Thursday, April 30, 2009

12am And All’s Not Well

I am so screwed for my pharm final tomorrow. I have never felt this unprepared for an exam in my life. Even coffee and staying up won’t help at this point so I am about to throw in the towel and get some sleep.

There is a list of about 200 drugs that we are responsible for on this exam. Note that this is not a cumulative exam either, we have had these drugs crammed down our throats in the last three weeks. I don’t see how it is possible to maintain all your other responsibilities to school and simple life-maintaining processes like eating and crapping while learning all this. It isn’t like I have been procrastinating either. Yea, I am un-motivated as hell, but I still have logged a TON of time on this shit. The end of the D-2 year is much like the grand finale at a 4th of July show….except you are strapped to one of the final fireworks.

I will proceed to forget everything I have crammed for within 24 hours. Times like these really make me despise school with a genuine passion.

After this test, I get to start studying for Implants, Tx planning, Endo, Fixed, and Ortho.

..god dammit

Tuesday, April 28, 2009

First F/F Case – 1

While I have completed a few preliminary appointments and recalls with other patients, I finally seem to have roped in a committed and punctual patient that I will be treating from start to finish. It also happens to be a complete dentures case (full over full (F/F)). While I really didn’t enjoy the dentures course, I must have learned more than I thought, because reviewing the material didn’t seem so bad.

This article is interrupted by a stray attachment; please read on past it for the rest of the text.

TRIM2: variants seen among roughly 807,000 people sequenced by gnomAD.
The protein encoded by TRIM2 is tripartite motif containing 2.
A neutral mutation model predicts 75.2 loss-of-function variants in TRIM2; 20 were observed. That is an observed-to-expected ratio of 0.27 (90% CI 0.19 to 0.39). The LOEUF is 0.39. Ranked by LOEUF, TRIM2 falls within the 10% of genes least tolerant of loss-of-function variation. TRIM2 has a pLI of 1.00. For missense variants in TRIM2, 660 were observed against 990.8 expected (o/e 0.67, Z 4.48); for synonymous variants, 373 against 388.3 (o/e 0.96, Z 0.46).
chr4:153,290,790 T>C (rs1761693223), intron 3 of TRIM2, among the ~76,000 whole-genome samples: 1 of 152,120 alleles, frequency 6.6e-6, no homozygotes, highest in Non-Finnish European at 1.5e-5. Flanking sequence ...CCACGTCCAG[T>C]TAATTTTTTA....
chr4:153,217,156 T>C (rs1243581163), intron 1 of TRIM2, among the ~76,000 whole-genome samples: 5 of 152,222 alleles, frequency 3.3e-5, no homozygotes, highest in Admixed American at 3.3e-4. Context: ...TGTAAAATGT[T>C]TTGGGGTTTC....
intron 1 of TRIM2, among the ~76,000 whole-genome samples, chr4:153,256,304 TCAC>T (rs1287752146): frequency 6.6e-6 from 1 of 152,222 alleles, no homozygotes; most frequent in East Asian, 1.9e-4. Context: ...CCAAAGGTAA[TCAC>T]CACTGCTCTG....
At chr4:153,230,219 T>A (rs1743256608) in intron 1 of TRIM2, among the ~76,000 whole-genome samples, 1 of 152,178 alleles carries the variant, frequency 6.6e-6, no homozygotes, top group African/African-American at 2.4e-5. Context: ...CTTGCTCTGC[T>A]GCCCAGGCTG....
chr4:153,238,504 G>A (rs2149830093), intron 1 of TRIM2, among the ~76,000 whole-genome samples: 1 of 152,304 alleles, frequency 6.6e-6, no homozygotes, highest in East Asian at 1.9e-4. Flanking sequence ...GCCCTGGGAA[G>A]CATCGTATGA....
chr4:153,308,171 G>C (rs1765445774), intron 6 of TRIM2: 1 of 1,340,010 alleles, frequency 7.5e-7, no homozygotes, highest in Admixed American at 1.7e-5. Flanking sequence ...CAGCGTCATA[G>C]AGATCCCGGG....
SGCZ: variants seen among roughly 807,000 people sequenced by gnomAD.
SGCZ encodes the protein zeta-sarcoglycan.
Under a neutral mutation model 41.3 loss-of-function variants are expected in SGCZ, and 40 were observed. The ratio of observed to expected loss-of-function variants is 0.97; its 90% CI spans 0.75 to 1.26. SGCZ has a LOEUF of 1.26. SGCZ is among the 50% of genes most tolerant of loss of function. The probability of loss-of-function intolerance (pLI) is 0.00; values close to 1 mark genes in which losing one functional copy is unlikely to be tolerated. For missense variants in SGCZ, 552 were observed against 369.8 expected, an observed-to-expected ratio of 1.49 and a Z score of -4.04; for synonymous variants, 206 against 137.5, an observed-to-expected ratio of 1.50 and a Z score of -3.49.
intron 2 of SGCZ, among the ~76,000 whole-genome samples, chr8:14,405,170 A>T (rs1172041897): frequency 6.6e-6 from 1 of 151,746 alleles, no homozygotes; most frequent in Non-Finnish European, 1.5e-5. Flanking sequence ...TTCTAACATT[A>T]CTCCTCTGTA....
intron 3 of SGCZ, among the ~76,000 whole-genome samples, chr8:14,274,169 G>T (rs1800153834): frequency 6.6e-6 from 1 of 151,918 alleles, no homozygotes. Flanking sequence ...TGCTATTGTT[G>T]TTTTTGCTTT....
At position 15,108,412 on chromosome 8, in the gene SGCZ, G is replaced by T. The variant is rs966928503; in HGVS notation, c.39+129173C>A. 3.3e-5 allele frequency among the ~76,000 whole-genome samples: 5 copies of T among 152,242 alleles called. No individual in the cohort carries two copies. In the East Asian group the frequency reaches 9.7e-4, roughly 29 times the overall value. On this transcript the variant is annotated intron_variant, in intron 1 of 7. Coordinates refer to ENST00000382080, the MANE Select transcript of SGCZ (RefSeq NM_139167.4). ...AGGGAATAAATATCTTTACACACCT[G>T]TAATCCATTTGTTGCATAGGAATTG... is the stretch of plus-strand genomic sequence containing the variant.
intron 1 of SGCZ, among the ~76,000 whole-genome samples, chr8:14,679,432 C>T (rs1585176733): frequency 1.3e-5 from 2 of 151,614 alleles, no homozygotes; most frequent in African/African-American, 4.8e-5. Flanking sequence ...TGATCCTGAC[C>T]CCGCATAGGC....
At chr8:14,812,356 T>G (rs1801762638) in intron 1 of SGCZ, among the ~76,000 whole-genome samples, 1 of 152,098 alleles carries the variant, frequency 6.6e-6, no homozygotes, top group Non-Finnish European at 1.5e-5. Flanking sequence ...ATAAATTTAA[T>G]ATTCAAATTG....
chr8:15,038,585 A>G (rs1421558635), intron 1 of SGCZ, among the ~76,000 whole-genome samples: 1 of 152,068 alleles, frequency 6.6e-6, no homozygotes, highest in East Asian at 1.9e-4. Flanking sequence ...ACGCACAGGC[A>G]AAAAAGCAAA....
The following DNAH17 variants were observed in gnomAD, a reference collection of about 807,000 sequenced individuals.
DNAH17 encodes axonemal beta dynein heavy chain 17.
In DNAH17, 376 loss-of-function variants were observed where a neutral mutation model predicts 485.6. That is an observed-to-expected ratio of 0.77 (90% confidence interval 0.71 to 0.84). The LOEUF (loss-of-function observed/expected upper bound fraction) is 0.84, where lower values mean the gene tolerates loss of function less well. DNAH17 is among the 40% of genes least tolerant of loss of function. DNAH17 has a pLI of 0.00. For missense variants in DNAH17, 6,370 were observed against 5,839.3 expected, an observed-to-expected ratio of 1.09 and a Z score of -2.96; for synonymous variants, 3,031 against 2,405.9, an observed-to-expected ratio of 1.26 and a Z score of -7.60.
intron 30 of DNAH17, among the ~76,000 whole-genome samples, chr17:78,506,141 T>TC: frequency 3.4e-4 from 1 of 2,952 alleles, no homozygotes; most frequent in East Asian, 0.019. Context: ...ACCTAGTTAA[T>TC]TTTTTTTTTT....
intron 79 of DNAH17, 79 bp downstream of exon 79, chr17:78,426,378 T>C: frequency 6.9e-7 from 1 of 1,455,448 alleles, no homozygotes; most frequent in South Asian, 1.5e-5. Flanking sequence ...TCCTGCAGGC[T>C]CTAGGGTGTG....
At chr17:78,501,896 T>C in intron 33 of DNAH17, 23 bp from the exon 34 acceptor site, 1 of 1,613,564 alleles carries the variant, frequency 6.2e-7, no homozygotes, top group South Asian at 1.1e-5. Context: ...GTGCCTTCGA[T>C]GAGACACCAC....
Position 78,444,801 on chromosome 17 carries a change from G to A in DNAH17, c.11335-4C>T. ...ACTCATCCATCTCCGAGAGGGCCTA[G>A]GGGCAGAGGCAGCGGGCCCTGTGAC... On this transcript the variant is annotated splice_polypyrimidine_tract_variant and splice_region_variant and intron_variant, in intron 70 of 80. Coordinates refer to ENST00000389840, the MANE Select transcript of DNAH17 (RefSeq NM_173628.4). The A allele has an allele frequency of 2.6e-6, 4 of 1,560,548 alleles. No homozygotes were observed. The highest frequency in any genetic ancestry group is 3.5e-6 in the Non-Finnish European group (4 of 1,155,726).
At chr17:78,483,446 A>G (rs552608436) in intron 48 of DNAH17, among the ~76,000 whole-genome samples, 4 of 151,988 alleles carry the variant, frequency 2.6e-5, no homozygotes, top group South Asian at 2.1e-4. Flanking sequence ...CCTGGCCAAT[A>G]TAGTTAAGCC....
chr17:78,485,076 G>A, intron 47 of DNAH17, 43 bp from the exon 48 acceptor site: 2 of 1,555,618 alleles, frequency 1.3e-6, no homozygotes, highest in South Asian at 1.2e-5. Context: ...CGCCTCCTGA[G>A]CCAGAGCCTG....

Obviously as I get into the more technical components, things might get interesting. The thing is, I am extremely motivated to make these things look awesome (much more motivated than I was for the fake patient in the pre-clinic course). I plan on getting a camera soon so that I can possibly upload photos of this entire process because those of you in school learning about dentures for the first time probably know how confusing things can seem.

So today was the first appointment I have had with Mrs. E. (HIPPA!!) The appointment was scheduled for 2 pm and she showed up at noon. She knew the appointment was at 2 also, she just didn’t want to be late…holy crap – talk about someone who actually wants treatment (unlike ½ my patients). I suppose if I had no teeth, I would be anxious to get that solved as well.